The ferry will also introduce a customer loyalty program to reward frequent users, but the details of how that will work are still being formalized. It will not be a traditional discount program, but is more likely to focus on moving traffic from busy crossings to those crossings with lighter loads. In any event, any kind of loyalty program must first be approved by the board of the OSTC and then signed off by the company’s shareholder, the Province of Ontario.

Key to the success of the marketing efforts will be “enhanced marketing efforts focussed on the leisure traveller.” It is this group who currently provides the bulk of the ferry traffic, and it is attracting a greater share of this market by targeted marketing in which its greatest hope for viability lie. The study clearly shows that relying solely on its role as a transportation link would be a recipe for financial disaster.

Although the financial position of the ferry operation combined with the current challenge provided by the provincial fiscal challenges do not provide a comforting environment for securing the marketing funds for expanding the ferry’s profile in target market sectors, Ms. Schrempf said that the province has indicated that they would be supportive of the initiative.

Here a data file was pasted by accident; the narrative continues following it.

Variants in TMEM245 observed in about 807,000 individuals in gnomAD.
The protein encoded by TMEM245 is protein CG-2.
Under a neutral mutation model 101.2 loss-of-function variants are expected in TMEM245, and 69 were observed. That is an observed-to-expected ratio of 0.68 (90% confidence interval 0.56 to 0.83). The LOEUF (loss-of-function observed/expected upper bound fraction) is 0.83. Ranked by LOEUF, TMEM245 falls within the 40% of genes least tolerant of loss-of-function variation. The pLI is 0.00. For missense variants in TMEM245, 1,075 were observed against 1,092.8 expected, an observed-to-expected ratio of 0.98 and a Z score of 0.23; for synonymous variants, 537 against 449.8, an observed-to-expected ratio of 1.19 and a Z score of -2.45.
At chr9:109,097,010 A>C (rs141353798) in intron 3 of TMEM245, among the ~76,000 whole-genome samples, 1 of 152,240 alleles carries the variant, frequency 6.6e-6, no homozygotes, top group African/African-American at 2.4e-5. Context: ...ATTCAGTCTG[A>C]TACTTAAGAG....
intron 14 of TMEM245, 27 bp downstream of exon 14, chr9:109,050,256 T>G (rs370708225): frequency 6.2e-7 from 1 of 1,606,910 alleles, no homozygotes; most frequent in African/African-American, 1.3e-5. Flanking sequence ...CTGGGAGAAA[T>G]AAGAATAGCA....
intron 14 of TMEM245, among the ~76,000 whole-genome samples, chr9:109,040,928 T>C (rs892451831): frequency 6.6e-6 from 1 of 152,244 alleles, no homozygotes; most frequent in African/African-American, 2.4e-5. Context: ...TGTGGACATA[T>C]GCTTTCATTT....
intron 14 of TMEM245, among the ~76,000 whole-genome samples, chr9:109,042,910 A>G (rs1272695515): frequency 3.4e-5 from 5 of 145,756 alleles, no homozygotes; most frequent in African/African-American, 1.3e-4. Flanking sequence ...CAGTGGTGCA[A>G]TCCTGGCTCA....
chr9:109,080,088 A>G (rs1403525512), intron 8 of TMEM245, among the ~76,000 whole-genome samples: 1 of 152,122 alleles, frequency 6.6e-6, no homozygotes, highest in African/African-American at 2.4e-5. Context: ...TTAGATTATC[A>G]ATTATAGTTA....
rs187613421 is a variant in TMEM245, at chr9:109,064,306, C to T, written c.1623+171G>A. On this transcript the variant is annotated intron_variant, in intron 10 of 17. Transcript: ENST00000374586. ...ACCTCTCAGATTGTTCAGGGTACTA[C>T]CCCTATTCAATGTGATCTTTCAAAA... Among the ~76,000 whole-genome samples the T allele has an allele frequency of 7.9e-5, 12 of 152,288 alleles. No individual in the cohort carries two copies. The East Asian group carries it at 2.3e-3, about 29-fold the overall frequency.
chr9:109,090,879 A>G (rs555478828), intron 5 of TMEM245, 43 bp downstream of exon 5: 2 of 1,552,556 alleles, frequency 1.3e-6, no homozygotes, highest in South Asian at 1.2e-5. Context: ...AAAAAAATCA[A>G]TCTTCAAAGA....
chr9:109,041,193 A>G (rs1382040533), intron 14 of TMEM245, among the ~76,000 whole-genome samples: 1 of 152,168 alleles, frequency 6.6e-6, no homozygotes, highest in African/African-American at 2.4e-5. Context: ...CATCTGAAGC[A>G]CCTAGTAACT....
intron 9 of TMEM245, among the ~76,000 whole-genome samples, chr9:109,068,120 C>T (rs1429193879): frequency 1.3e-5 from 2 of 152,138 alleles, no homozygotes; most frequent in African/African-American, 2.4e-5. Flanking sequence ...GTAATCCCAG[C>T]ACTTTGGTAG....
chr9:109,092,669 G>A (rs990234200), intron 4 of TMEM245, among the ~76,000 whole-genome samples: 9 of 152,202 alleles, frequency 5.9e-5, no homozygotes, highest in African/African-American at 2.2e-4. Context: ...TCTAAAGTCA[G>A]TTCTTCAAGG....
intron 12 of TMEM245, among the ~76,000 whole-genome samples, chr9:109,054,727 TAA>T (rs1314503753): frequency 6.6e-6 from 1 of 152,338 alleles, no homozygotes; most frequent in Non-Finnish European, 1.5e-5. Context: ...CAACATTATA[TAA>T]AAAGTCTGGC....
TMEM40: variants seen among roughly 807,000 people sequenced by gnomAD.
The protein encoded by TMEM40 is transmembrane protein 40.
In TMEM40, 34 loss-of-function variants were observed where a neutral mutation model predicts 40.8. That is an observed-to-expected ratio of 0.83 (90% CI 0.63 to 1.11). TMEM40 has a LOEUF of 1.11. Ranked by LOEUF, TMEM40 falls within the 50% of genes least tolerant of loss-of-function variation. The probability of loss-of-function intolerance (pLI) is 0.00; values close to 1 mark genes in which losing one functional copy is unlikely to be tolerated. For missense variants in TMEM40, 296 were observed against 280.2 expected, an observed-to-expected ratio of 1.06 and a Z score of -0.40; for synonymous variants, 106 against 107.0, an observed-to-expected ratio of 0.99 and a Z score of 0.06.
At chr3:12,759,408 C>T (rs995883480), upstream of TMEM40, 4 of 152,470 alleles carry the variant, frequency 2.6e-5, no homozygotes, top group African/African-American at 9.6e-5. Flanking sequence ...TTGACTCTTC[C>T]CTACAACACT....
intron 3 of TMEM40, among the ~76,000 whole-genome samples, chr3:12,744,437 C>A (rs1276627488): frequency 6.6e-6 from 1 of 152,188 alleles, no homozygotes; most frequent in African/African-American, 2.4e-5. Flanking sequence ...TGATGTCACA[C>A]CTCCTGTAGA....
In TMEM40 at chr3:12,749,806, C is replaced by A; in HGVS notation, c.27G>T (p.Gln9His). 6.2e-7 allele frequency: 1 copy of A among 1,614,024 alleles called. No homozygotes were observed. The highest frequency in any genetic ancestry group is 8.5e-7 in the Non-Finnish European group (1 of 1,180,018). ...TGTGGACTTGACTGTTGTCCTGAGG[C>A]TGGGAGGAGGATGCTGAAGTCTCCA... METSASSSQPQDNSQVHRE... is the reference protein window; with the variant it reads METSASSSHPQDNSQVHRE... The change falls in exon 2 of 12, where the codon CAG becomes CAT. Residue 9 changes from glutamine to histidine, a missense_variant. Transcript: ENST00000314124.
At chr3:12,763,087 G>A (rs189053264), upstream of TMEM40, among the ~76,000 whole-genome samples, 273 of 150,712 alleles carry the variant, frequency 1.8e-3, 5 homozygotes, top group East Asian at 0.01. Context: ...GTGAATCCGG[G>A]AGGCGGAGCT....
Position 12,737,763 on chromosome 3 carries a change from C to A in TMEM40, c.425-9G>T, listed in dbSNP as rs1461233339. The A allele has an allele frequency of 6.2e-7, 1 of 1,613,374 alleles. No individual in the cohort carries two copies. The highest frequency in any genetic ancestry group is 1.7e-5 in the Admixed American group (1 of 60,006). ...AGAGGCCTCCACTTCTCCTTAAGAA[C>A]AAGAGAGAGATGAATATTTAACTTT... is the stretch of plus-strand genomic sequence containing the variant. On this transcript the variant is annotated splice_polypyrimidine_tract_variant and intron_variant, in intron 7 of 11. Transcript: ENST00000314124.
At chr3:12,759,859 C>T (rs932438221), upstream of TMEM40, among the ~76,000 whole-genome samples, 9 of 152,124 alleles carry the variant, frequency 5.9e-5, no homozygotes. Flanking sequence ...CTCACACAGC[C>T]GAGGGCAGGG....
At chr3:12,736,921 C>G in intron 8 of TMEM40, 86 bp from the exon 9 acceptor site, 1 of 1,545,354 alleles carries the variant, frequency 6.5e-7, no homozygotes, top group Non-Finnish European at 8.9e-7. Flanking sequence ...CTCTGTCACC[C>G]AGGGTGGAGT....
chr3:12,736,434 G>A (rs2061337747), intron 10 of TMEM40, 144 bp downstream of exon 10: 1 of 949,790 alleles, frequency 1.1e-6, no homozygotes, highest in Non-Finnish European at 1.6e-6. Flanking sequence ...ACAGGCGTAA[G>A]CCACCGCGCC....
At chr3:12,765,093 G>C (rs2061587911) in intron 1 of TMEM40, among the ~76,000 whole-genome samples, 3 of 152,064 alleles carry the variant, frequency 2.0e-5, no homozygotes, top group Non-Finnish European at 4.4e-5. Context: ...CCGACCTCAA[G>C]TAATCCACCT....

Future projects resulting from the study will include improving the company website to make online reservations quicker and easier. The website was identified as an irritant to potential customers during the public session. With more and more travellers planning their vacations through online research, the first point of contact with the market is centering more and more upon the Internet.

Other projects being planned for the future include improving on-board amenities, such as cafeteria upgrades and providing more activities or entertainment while sailing, as well as improving the visibility of the ferry option through providing better highway signage.